- Actually required in World 5-2 of New Super Mario Bros. Wii, with giant Wigglers.
- In the Disgaea series, tossing a character onto a friendly monster unit's head will bounce them in the direction the monster is facing. While the technique is called "pass and receive", the best monsters for it are mostly ones that look like they'd have a springy body composition, as opposed to the big, brawny ones, which seems to imply that the characters are simply bouncing off them.
- One of said monsters, the Eryngya (A mushroom), exists in the Prinny games as little more than a springboard, as it simply stands there and waits to be stomped on, launching you to great heights while remaining unharmed. There is one particular one that uses this springiness against you, though.
- Donkey Kong Country often involved bouncing off flying enemies to reach secret places. In Returns, it's no longer automatic: You have to press the jump button with the right timing, or you'll barely bounce.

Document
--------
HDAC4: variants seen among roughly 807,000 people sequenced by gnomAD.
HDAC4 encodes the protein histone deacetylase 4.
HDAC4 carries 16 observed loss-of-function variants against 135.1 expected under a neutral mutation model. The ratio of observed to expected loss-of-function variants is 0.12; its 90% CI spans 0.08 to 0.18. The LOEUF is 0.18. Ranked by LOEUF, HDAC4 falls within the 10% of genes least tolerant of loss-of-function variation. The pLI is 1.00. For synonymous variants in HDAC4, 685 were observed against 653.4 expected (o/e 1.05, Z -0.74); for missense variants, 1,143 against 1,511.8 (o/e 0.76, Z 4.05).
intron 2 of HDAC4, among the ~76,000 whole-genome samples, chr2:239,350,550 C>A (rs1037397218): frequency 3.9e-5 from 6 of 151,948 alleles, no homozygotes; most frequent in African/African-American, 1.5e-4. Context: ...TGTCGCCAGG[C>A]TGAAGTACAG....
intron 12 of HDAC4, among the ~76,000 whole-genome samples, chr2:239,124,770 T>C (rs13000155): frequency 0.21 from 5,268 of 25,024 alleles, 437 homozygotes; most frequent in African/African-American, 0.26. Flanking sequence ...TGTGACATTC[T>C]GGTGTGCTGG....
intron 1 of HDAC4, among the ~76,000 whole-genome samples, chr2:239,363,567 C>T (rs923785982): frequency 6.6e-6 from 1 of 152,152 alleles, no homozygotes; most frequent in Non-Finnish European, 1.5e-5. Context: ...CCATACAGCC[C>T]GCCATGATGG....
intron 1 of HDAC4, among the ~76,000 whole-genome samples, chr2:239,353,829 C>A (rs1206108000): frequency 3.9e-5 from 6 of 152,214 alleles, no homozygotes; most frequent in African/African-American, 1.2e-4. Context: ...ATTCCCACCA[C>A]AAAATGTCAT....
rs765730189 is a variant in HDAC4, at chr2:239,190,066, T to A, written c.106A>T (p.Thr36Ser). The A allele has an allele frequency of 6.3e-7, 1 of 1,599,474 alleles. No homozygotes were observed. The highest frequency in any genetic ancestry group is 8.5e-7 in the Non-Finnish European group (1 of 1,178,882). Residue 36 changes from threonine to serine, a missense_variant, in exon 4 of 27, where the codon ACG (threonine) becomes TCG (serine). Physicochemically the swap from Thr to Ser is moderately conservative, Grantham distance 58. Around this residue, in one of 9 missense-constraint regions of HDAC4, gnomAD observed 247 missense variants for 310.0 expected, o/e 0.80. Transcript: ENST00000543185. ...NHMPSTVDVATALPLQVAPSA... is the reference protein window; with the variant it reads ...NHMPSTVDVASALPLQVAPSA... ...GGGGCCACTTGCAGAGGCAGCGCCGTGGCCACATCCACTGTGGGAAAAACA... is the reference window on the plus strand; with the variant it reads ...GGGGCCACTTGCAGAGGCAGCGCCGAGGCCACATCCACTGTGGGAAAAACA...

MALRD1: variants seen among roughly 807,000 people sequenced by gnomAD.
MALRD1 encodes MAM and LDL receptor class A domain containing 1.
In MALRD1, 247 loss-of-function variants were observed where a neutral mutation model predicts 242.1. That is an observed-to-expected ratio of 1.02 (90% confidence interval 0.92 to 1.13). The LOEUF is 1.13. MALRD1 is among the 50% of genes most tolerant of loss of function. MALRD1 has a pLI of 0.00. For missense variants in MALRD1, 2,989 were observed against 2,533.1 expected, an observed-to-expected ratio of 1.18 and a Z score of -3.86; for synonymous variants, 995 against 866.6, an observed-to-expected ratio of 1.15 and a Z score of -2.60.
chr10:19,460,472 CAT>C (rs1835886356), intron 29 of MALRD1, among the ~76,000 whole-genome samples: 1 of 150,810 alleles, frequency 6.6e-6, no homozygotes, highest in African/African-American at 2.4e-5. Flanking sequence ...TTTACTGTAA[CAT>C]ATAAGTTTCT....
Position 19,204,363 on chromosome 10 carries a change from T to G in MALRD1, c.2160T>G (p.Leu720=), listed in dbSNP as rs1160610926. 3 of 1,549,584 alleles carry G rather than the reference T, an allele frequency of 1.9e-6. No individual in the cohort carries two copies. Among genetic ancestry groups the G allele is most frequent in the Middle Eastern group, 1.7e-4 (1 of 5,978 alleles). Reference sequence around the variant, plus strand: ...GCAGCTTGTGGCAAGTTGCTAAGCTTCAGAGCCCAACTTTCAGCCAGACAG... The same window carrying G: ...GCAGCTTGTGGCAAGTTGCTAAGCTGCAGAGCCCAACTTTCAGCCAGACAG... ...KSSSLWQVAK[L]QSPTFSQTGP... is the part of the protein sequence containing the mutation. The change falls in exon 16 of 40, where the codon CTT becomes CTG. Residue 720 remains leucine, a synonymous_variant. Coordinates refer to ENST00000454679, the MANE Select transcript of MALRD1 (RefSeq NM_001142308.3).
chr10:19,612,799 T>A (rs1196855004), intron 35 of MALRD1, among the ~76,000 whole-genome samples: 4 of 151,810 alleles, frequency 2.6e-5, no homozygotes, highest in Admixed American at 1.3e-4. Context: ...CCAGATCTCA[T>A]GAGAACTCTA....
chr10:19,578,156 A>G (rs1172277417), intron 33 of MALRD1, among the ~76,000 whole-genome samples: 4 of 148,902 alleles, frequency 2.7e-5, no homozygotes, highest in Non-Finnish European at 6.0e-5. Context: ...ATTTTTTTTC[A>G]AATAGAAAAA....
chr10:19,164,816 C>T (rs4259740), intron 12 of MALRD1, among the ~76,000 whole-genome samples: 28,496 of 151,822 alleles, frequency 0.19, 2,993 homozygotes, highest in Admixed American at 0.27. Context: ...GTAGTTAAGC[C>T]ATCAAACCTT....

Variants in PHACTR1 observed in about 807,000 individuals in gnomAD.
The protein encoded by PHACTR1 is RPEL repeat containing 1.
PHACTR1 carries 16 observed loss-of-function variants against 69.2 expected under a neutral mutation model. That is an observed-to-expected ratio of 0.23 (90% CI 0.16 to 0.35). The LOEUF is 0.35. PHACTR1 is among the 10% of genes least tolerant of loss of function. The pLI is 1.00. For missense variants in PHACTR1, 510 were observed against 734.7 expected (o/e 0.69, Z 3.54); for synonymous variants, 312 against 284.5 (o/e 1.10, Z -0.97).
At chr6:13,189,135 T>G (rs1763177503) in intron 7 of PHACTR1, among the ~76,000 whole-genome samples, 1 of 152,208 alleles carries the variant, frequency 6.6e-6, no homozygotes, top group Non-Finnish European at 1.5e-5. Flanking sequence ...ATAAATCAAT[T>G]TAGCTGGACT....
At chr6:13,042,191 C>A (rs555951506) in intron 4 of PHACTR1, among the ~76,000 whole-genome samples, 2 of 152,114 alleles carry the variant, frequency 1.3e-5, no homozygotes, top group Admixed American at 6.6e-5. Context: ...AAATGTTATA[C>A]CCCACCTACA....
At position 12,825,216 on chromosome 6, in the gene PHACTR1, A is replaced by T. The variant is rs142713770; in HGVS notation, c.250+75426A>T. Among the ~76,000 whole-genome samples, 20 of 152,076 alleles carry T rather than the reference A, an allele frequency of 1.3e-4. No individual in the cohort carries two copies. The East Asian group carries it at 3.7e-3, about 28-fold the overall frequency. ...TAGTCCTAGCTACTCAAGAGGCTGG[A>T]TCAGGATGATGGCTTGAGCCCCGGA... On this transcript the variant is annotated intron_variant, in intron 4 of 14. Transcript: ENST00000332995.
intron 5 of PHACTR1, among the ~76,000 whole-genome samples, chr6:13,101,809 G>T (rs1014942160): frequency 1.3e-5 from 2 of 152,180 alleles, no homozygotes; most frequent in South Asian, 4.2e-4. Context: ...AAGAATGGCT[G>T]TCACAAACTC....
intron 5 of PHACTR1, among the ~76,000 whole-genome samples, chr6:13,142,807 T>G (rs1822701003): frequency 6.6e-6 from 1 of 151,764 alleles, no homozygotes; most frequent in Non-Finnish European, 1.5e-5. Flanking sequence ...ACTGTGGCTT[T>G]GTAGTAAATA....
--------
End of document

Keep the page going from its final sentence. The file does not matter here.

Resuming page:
- Crash Bandicoot (1996) did this with certain enemies to reach extra lives. Some enemies were stunned by a jump attack, allowing you to jump on them over and over again - this was actually required for box completion in Level 1.
- That's a bit of an understatement. Goomba Springboard is used in many levels (in the various sequels) to get all the crates in a level - sometimes with enemies that die after being bounced on once. If at first you don't succeed... you have to restart the entire level.
- A primary puzzle element in Braid, which clues you in on this trope by the springy sound made when you bounce off the enemies. (And also, when they bounce off you...)
- An interesting peculiarity is that the bounce is slightly taller than where you started falling from, which means continually bouncing on enemies gives you even more height, and bouncing off an enemy from a platform will get you above the platform even if you couldn't normally jump on the enemy to get up there.
- Appears in Super Smash Bros. Brawl as the Footstool Jump technique.